The QUICK scheme is available in the pressure-based solver and when solving additional scalar equations in the density-based solver.

Third-Order MUSCL Scheme

This third-order convection scheme was conceived from the original MUSCL (Monotone Upstream-Centered Schemes for Conservation Laws) [ 378] by blending a central differencing scheme and second-order upwind scheme as

 \phi_{f} = \theta {\phi_{f,{\rm CD}}} + (1-\theta) \phi_{f,{\rm SOU}} (25.3-8)

where ${\phi_{f,{\rm CD}}}$ is defined in Equation  25.3-5, and $\phi_{f,{\rm SOU}}$ is computed using the second-order upwind scheme as described in Section  25.3.1.

Unlike the QUICK scheme which is applicable to structured hex meshes only, the MUSCL scheme is applicable to arbitrary meshes. Compared to the second-order upwind scheme, the third-order MUSCL has a potential to improve spatial accuracy for all types of meshes by reducing numerical diffusion, most significantly for complex three-dimensional flows, and it is available for all transport equations.


The third-order MUSCL currently implemented in FLUENT does not contain any flux-limiter. As a result, it can produce undershoot and overshoot when the flow-field under consideration has discontinuities such as shock waves.


The MUSCL scheme is available in the pressure-based and density-based solvers.

Modified HRIC Scheme

For simulations using the VOF multiphase model, upwind schemes are generally unsuitable for interface tracking because of their overly diffusive nature. Central differencing schemes, while generally able to retain the sharpness of the interface, are unbounded and often give unphysical results. In order to overcome these deficiencies, FLUENT uses a modified version of the High Resolution Interface Capturing (HRIC) scheme. The modified HRIC scheme is a composite NVD scheme that consists of a non-linear blend of upwind and downwind differencing [ 257].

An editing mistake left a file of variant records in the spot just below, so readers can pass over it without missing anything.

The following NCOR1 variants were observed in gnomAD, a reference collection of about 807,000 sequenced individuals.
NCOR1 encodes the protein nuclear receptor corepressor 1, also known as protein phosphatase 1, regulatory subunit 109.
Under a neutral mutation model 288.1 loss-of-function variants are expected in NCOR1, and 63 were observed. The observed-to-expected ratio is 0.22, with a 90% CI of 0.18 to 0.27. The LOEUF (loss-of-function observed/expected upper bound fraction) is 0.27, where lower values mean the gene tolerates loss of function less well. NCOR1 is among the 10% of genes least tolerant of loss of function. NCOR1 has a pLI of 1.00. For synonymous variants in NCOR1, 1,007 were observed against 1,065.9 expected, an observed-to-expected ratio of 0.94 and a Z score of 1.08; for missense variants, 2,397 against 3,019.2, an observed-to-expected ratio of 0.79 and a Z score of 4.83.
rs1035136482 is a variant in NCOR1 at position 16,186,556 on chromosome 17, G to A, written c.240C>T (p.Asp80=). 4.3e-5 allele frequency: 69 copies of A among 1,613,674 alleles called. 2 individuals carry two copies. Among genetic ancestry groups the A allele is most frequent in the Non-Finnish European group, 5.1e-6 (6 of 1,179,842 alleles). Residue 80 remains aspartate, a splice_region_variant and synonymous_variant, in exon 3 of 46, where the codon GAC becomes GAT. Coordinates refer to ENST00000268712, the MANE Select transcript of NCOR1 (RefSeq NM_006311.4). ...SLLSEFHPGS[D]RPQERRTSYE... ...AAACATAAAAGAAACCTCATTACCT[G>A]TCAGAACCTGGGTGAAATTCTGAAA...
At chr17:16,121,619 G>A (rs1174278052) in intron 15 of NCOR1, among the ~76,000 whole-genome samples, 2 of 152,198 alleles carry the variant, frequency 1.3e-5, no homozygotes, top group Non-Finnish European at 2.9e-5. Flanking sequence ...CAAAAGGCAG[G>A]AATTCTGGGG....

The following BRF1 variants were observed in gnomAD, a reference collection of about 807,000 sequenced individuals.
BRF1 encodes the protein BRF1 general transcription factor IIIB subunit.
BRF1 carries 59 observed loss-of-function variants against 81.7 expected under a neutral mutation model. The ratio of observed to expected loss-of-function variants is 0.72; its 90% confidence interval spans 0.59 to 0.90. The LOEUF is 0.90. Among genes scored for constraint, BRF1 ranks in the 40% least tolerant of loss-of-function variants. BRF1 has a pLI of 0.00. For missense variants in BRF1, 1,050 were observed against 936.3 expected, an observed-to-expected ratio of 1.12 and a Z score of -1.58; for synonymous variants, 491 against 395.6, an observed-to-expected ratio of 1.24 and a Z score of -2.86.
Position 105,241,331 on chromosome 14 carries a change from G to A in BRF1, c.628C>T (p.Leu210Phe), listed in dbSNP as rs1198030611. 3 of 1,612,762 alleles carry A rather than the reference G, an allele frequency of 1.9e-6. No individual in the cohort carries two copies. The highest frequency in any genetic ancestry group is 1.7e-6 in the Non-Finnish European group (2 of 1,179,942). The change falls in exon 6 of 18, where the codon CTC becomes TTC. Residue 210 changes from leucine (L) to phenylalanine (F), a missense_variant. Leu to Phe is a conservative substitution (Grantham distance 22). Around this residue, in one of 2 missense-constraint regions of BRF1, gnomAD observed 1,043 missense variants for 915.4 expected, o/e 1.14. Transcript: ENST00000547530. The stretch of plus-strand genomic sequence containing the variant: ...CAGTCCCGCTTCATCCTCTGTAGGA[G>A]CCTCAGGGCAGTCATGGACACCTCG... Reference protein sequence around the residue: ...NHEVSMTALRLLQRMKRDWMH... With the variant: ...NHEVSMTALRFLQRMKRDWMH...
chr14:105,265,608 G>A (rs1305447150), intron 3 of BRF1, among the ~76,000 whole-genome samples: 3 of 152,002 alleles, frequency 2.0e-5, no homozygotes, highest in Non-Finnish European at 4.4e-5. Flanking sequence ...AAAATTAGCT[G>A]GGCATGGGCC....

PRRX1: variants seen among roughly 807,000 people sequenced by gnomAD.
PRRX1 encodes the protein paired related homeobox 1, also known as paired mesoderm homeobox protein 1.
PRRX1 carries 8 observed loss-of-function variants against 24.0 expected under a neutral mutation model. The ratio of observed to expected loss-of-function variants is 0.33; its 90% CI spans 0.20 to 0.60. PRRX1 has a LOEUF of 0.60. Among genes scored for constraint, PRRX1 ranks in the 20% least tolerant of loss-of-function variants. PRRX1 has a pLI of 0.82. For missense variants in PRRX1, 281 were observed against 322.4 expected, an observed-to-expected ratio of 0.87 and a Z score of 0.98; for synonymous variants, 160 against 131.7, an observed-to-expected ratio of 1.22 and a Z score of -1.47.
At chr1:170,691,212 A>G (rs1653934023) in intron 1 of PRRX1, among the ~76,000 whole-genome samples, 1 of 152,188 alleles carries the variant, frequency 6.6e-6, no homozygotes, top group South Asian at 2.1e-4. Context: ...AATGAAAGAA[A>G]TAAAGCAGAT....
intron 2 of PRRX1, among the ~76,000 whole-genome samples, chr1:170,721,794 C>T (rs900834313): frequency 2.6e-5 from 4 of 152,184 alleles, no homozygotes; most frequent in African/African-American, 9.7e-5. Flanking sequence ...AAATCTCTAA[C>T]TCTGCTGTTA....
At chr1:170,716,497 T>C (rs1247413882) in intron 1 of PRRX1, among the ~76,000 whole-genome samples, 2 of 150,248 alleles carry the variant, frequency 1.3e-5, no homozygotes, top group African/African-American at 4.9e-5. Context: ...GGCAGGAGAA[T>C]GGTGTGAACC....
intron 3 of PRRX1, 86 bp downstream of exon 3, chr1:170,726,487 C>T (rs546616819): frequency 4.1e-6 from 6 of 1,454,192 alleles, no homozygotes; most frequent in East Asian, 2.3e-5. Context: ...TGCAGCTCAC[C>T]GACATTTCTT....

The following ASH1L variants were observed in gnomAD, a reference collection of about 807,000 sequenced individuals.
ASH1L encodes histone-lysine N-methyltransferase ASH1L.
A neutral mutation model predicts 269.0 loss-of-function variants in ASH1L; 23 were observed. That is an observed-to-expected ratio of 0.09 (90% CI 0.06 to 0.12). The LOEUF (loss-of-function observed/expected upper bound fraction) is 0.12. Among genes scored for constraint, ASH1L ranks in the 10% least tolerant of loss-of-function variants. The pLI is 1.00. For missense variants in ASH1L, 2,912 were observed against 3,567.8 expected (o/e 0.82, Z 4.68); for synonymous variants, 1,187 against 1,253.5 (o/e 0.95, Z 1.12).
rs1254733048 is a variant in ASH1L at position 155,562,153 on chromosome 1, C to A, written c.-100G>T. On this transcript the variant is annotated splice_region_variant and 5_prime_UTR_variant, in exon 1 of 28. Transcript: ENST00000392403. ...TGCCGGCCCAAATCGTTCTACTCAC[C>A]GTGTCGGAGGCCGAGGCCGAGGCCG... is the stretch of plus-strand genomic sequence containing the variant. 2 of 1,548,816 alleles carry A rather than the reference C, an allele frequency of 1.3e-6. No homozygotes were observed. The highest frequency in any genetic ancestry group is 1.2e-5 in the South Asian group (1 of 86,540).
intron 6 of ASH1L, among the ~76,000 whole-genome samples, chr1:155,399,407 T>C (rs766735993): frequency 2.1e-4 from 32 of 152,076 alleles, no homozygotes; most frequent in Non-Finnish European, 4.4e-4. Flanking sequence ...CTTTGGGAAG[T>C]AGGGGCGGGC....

First, the normalized cell value of volume fraction, $\tilde{\phi_c}$, is computed and is used to find the normalized face value, $\tilde{\phi}_f$, as follows:

 \tilde{\phi_c} = \frac{\phi_D - \phi_U}{\phi_A - \phi_U} (25.3-9)

Figure 25.3.3: Cell Representation for Modified HRIC Scheme

where $A$ is the acceptor cell, $D$ is the donor cell, and $U$ is the upwind cell, and

 \tilde{\phi}_f = \left\{ \begin{array}{ll} \tilde{\phi_c} & ... ... 1 & \mbox{$0.5 \leq \tilde{\phi_c} \le 1$} \end{array}\right. (25.3-10)

Here, if the upwind cell is not available (e.g., unstructured mesh), an extrapolated value is used for $\phi_U$. Directly using this value of $\tilde{\phi}_f$ causes wrinkles in the interface, if the flow is parallel to the interface. So, FLUENT switches to ULTIMATE QUICKEST scheme (the one-dimensional bounded version of the QUICK scheme [ 201]) based on the angle between the face normal and interface normal:

 \tilde{\phi^{UQ}_f} = \left\{ \begin{array}{ll} \tilde{\phi_... ...t) & \mbox{$0.5 \leq \tilde{\phi_c} \le 1$} \end{array}\right. (25.3-11)

This leads to a corrected version of the face volume fraction, $\tilde{\phi}_f^*$:

 \tilde{\phi}_f^* = \tilde{\phi}_f \sqrt{\cos{\theta}} + (1-\sqrt{\cos{\theta}}) \tilde{\phi^{UQ}_f} (25.3-12)


 \cos{\theta} = \frac{\nabla \phi \cdot \vec{\bf {d}}}{ \vert \nabla \phi \vert \vert \vec{\bf {d}}\vert } (25.3-13)

and $\vec{\bf {d}}$ is a vector connecting cell centers adjacent to the face $f$.

The face volume fraction is now obtained from the normalized value computed above as follows:

 \phi_f = \tilde{\phi}_f^* (\phi_A - \phi_U) + \phi_U (25.3-14)

The modified HRIC scheme provides improved accuracy for VOF calculations when compared to QUICK and second-order schemes, and is less computationally expensive than the Geo-Reconstruct scheme.